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News

Delft University helps prevent damage to monuments

Delft University Of Technology : 26 November, 2006  (Technical Article)
Research at Delft University of Technology has shown that the combination of salt and fluctuations in relative humidity has a disastrous effect on the masonry and plasterwork of historic buildings. But that damage may be preventable by adding so-called crystallisation inhibitors.
Research at Delft University of Technology has shown that the combination of salt and fluctuations in relative humidity has a disastrous effect on the masonry and plasterwork of historic buildings. But that damage may be preventable by adding so-called crystallisation inhibitors.

Both in the laboratory and at a number of historic buildings in the field, Lubelli investigated the damage caused by sea salt. Many of the structures she studied, such as the Sint-Nicolaaskerk (Church of Saint Nicholas) in Brouwershaven, are in the south-western region of the Netherlands which was inundated with seawater in the great flood of 1953.

Lubelli's research has shown that fluctuations in relative humidity have a particularly detrimental effect upon the interior state of such buildings. They cause the sea salt which has penetrated the stonework to crystallise from time to time, eventually turning it to powder.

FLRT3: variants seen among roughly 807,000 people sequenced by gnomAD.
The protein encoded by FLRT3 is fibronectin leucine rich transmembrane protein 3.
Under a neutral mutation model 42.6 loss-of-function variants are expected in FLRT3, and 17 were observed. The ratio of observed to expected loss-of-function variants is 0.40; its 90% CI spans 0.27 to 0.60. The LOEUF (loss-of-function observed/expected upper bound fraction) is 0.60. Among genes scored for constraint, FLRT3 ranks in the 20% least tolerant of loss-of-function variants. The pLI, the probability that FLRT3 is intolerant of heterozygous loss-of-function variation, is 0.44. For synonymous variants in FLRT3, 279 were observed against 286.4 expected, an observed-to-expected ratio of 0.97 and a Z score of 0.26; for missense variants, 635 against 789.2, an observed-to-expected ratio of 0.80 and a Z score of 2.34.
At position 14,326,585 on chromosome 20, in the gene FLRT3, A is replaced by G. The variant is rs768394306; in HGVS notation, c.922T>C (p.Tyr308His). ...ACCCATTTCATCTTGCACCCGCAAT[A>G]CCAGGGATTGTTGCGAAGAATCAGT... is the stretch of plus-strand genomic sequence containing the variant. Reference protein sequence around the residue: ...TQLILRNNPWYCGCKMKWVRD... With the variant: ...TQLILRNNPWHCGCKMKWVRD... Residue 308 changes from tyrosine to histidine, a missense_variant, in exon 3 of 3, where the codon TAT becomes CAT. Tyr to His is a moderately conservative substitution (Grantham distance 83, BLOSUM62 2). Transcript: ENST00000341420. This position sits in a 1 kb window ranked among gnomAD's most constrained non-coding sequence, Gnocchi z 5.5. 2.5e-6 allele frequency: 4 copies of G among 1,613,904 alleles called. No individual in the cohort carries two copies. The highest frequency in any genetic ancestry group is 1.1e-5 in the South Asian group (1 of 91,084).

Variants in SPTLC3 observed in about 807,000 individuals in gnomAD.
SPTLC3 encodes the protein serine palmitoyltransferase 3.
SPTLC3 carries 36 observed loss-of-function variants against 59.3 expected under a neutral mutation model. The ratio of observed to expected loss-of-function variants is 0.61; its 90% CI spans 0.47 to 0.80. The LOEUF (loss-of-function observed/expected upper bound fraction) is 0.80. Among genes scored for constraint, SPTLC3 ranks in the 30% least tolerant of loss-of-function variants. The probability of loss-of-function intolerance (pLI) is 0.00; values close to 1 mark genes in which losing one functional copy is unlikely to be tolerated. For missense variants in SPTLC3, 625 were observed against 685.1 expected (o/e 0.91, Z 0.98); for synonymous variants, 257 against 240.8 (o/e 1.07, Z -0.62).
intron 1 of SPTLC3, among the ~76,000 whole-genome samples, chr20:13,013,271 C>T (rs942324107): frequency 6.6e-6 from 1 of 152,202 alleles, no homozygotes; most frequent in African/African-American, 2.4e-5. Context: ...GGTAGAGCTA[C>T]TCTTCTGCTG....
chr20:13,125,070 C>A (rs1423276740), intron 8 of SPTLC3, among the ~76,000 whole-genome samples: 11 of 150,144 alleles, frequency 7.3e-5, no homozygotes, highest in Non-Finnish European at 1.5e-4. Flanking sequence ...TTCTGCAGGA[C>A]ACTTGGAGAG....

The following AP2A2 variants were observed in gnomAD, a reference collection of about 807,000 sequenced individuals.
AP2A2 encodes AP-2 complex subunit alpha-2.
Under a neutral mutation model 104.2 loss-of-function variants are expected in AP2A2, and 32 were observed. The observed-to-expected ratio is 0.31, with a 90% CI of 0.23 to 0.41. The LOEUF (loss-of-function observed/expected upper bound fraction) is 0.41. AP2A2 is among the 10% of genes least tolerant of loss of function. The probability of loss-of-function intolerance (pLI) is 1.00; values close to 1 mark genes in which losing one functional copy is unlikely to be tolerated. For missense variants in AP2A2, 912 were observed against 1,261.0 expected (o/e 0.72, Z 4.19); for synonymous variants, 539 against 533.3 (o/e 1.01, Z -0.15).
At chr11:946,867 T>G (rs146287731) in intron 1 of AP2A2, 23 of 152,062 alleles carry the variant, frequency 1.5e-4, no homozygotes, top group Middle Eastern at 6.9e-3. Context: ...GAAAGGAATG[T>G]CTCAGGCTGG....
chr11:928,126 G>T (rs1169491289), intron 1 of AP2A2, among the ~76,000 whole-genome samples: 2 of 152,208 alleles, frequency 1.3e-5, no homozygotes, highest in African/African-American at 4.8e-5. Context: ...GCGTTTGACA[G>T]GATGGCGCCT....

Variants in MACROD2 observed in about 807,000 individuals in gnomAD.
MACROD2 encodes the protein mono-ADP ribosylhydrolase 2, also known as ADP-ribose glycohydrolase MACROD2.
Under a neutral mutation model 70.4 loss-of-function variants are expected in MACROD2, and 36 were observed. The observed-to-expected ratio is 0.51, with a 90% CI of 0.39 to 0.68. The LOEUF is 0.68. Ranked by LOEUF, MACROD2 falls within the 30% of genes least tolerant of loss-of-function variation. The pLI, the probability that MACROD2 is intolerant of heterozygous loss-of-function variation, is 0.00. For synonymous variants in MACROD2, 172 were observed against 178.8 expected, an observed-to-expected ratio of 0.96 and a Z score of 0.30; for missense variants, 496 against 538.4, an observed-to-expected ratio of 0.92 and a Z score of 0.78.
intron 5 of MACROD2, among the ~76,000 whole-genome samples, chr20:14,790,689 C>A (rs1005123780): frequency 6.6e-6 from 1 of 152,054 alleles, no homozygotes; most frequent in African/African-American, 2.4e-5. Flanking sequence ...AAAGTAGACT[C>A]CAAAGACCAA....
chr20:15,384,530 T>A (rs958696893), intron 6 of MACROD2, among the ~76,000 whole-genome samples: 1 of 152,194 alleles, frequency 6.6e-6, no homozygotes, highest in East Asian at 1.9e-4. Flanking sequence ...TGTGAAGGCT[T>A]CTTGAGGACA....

One possible solution to this problem is careful control of the climate inside the buildings. But another option being cautiously considered is the use of so-called crystallisation inhibitors such as sodium ferrocyanide. These substances, Lubelli has found, can reduce or even prevent the damage caused by crystallisation. Such treatment would be entirely new in the world of restoration.

Lubelli's findings are now being put into practice at a number of sites, one of them the historic Waaggebouw (Weighhouse) on Nieuwmarkt in Amsterdam. 'Inside that building,' explains Professor Rob van Hees, Lubelli's PhD supervisor, 'you find some really beautiful examples of brickwork from the 17th and 18th centuries. The so-called 'master proofs' are of international importance. The problem, though, is that this work is deteriorating at a rapid rate.'
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